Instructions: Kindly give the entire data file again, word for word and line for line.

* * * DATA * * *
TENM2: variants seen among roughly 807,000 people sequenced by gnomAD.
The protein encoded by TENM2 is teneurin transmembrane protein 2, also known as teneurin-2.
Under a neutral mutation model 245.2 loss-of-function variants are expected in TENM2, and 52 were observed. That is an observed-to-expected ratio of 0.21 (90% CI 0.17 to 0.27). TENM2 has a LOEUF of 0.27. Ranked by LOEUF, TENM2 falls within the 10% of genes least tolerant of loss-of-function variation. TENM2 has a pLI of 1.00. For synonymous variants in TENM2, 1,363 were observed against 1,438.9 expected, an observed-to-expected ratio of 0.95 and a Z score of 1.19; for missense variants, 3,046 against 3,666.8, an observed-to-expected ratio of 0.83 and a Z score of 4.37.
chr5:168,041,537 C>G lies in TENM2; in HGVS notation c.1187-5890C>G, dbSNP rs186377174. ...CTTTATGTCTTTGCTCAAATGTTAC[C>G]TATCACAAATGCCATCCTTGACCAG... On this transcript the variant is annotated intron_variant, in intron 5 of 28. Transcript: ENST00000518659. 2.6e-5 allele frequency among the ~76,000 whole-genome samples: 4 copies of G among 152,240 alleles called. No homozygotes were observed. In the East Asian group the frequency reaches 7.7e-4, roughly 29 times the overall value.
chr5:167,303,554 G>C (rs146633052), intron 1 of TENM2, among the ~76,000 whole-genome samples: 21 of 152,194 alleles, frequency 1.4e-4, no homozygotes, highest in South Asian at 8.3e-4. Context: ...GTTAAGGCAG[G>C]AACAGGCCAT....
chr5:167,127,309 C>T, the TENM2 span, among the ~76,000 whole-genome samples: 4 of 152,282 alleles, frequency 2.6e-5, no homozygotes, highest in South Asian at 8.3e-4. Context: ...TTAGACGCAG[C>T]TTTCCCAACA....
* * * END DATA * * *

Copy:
TENM2: variants seen among roughly 807,000 people sequenced by gnomAD.
The protein encoded by TENM2 is teneurin transmembrane protein 2, also known as teneurin-2.
Under a neutral mutation model 245.2 loss-of-function variants are expected in TENM2, and 52 were observed. That is an observed-to-expected ratio of 0.21 (90% CI 0.17 to 0.27). TENM2 has a LOEUF of 0.27. Ranked by LOEUF, TENM2 falls within the 10% of genes least tolerant of loss-of-function variation. TENM2 has a pLI of 1.00. For synonymous variants in TENM2, 1,363 were observed against 1,438.9 expected, an observed-to-expected ratio of 0.95 and a Z score of 1.19; for missense variants, 3,046 against 3,666.8, an observed-to-expected ratio of 0.83 and a Z score of 4.37.
chr5:168,041,537 C>G lies in TENM2; in HGVS notation c.1187-5890C>G, dbSNP rs186377174. ...CTTTATGTCTTTGCTCAAATGTTAC[C>G]TATCACAAATGCCATCCTTGACCAG... On this transcript the variant is annotated intron_variant, in intron 5 of 28. Transcript: ENST00000518659. 2.6e-5 allele frequency among the ~76,000 whole-genome samples: 4 copies of G among 152,240 alleles called. No homozygotes were observed. In the East Asian group the frequency reaches 7.7e-4, roughly 29 times the overall value.
chr5:167,303,554 G>C (rs146633052), intron 1 of TENM2, among the ~76,000 whole-genome samples: 21 of 152,194 alleles, frequency 1.4e-4, no homozygotes, highest in South Asian at 8.3e-4. Context: ...GTTAAGGCAG[G>C]AACAGGCCAT....
chr5:167,127,309 C>T, the TENM2 span, among the ~76,000 whole-genome samples: 4 of 152,282 alleles, frequency 2.6e-5, no homozygotes, highest in South Asian at 8.3e-4. Context: ...TTAGACGCAG[C>T]TTTCCCAACA....